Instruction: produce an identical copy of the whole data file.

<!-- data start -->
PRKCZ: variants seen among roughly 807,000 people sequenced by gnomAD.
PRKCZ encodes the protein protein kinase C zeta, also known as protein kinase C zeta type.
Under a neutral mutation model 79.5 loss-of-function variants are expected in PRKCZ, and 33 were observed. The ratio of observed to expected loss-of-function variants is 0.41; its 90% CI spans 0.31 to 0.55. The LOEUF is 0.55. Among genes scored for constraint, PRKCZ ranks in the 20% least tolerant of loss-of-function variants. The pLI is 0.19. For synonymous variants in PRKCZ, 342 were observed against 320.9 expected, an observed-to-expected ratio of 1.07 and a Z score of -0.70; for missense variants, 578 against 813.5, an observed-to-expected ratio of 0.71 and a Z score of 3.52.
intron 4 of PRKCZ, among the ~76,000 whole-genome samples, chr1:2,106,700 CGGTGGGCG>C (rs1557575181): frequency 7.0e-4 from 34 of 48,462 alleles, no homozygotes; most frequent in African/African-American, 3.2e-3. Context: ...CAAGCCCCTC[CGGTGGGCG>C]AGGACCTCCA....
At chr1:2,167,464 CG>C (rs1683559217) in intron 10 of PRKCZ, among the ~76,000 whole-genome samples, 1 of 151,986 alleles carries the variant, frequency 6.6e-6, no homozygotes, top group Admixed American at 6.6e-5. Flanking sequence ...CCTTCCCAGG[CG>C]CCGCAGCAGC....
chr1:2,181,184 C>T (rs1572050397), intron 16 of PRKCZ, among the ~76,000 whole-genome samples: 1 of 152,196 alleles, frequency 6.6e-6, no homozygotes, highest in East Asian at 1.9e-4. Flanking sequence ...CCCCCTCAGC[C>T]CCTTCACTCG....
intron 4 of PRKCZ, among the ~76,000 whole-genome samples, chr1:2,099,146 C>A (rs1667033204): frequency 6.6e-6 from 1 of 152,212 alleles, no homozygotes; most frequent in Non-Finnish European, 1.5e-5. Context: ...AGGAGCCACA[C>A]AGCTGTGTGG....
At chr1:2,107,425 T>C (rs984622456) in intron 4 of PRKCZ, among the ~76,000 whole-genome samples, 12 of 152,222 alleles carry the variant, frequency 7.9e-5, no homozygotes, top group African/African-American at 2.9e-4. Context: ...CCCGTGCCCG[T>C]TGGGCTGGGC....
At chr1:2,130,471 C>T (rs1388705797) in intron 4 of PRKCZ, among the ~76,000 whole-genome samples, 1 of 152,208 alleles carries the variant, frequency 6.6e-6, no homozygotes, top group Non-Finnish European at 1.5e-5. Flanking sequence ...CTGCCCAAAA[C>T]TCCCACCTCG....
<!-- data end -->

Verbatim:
PRKCZ: variants seen among roughly 807,000 people sequenced by gnomAD.
PRKCZ encodes the protein protein kinase C zeta, also known as protein kinase C zeta type.
Under a neutral mutation model 79.5 loss-of-function variants are expected in PRKCZ, and 33 were observed. The ratio of observed to expected loss-of-function variants is 0.41; its 90% CI spans 0.31 to 0.55. The LOEUF is 0.55. Among genes scored for constraint, PRKCZ ranks in the 20% least tolerant of loss-of-function variants. The pLI is 0.19. For synonymous variants in PRKCZ, 342 were observed against 320.9 expected, an observed-to-expected ratio of 1.07 and a Z score of -0.70; for missense variants, 578 against 813.5, an observed-to-expected ratio of 0.71 and a Z score of 3.52.
intron 4 of PRKCZ, among the ~76,000 whole-genome samples, chr1:2,106,700 CGGTGGGCG>C (rs1557575181): frequency 7.0e-4 from 34 of 48,462 alleles, no homozygotes; most frequent in African/African-American, 3.2e-3. Context: ...CAAGCCCCTC[CGGTGGGCG>C]AGGACCTCCA....
At chr1:2,167,464 CG>C (rs1683559217) in intron 10 of PRKCZ, among the ~76,000 whole-genome samples, 1 of 151,986 alleles carries the variant, frequency 6.6e-6, no homozygotes, top group Admixed American at 6.6e-5. Flanking sequence ...CCTTCCCAGG[CG>C]CCGCAGCAGC....
chr1:2,181,184 C>T (rs1572050397), intron 16 of PRKCZ, among the ~76,000 whole-genome samples: 1 of 152,196 alleles, frequency 6.6e-6, no homozygotes, highest in East Asian at 1.9e-4. Flanking sequence ...CCCCCTCAGC[C>T]CCTTCACTCG....
intron 4 of PRKCZ, among the ~76,000 whole-genome samples, chr1:2,099,146 C>A (rs1667033204): frequency 6.6e-6 from 1 of 152,212 alleles, no homozygotes; most frequent in Non-Finnish European, 1.5e-5. Context: ...AGGAGCCACA[C>A]AGCTGTGTGG....
At chr1:2,107,425 T>C (rs984622456) in intron 4 of PRKCZ, among the ~76,000 whole-genome samples, 12 of 152,222 alleles carry the variant, frequency 7.9e-5, no homozygotes, top group African/African-American at 2.9e-4. Context: ...CCCGTGCCCG[T>C]TGGGCTGGGC....
At chr1:2,130,471 C>T (rs1388705797) in intron 4 of PRKCZ, among the ~76,000 whole-genome samples, 1 of 152,208 alleles carries the variant, frequency 6.6e-6, no homozygotes, top group Non-Finnish European at 1.5e-5. Flanking sequence ...CTGCCCAAAA[C>T]TCCCACCTCG....